I think I might have just as much fun as my kids do when it is birthday time in our house. I just love going all out and seeing the joy on their faces when they get to enjoy the party I’ve styled! A few years ago, my son Harrison wanted “something with nerf guns and some sort of puzzle”. So I decided to create a super fun Spy Themed Birthday Party, and put our young secret agents through intensive secret agent training! Read on to see how I set it all up!
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How to Throw a Successful Secret Agent Spy Themed Birthday Party
I started with a video invite that got sent to each guest (I used Animoto – you can connect several messages into one clip, which I had play to the tune of the Mission Impossible soundtrack!). In my video invitations, I provided a secret code word to get into the party to make the whole thing feel a bit more mysterious and exclusive, and requested that each guest send me a photo and a spy name. The kids were just brilliant – I had several photos arrive with them totally kitted out in disguise. I used these to create my “Command Post” welcome area and the guest’s ID badges for the party.
Command Post Welcome Area
To immerse the kids in the experience from the beginning, we had them go through a special check-in process when they arrived with their parent “handlers”. First, we asked for the secret password from the invite.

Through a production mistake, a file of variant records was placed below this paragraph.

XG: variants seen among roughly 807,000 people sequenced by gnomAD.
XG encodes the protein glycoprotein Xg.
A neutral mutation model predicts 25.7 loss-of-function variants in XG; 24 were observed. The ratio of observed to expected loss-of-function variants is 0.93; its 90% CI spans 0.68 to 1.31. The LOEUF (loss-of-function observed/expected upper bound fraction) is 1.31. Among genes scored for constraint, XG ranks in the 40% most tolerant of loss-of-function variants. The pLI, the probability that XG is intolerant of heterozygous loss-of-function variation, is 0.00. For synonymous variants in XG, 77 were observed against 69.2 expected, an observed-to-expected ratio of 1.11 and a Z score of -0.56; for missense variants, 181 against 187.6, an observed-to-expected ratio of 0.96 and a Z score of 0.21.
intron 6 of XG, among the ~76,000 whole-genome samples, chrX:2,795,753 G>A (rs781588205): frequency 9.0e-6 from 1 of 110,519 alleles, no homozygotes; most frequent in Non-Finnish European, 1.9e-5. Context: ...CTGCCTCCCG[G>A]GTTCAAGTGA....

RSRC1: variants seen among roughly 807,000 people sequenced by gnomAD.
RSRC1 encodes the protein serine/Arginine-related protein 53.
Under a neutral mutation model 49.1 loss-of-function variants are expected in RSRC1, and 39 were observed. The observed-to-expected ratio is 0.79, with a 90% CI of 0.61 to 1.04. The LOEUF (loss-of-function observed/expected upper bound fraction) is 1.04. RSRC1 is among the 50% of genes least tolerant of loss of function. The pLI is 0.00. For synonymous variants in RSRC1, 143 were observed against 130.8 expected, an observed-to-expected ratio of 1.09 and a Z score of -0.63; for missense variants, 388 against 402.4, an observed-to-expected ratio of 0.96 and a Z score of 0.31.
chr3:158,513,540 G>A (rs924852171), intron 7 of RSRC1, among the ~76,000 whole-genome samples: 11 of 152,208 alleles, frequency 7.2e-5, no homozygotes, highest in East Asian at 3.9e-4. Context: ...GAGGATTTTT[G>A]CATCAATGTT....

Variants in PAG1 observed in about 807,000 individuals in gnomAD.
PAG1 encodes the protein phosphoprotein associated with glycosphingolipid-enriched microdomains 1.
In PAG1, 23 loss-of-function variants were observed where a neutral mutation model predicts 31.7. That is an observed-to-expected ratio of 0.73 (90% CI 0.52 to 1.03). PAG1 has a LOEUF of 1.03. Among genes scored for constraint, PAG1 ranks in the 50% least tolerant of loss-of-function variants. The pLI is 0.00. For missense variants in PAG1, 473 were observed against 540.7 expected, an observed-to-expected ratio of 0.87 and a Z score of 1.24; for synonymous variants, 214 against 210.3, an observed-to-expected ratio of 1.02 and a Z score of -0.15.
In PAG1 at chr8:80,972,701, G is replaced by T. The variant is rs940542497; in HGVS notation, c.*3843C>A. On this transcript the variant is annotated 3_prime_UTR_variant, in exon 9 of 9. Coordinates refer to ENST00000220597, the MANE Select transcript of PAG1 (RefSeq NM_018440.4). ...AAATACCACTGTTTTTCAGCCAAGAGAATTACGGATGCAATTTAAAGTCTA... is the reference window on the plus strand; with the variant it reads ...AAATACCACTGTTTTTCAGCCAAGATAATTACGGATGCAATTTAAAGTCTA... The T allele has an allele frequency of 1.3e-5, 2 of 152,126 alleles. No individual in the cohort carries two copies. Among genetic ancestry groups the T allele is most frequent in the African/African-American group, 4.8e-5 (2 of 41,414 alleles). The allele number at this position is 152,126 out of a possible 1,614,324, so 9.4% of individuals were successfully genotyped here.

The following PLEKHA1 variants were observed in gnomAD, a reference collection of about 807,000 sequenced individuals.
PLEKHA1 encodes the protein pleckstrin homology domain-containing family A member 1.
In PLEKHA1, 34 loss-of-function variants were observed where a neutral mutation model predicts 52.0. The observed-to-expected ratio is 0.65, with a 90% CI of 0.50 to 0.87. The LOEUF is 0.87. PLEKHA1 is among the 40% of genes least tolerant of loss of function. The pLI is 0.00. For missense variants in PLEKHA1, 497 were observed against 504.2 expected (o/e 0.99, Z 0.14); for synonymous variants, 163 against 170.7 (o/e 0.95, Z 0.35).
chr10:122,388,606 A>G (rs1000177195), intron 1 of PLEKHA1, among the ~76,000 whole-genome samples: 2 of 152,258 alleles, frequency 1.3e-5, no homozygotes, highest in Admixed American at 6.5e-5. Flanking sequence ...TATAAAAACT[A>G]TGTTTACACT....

TIP: This is a great opportunity to get release forms completed if you are using an external NERF provider (more on that later).
Then, the junior spies were provided with a Top Secret dossier and identification badge, created by Small Moments. The IDs were printed and put into clear plastic pockets with a lanyard. If you don’t have these, a piece of string does just fine! Punch a hole in the card and hang around the children’s necks.
The dossiers were printed, put in a manila folder and then this was placed in a large brown envelope with “top secret” and “classified” stickers on it. These gave them a cover to act out. You can add a personal mission, activities for the day, secret codes…. get creative! These are also fun for kids to take home after to practice their spy craft further.
For the registration area, I used a small table that I used for fingerprinting (a non-toxic stamp pad was all I needed and some wet wipes). Behind this, I hung spy signage, used blueprint spy gadgets, and vintage medals I found at a secondhand store on the wall. You can also add spy photos.
TIP: Any “office” or “bureaucratic” type prop will do to give it the look and feel of a check in. Think wire baskets, filing cabinets, folders and stationery.
For the final step before moving on to the first step of their spy training, I placed a tray on some shelving, and had the kids empty their pockets for scanning. This was a lot of fun- I made ridiculous sounds effects while “scanning”!
Enemy Briefing Area
Next, the junior spies received an “enemy briefing”. For this area, the backdrop consists of a map (I used a vintage topographical map, but any map will work).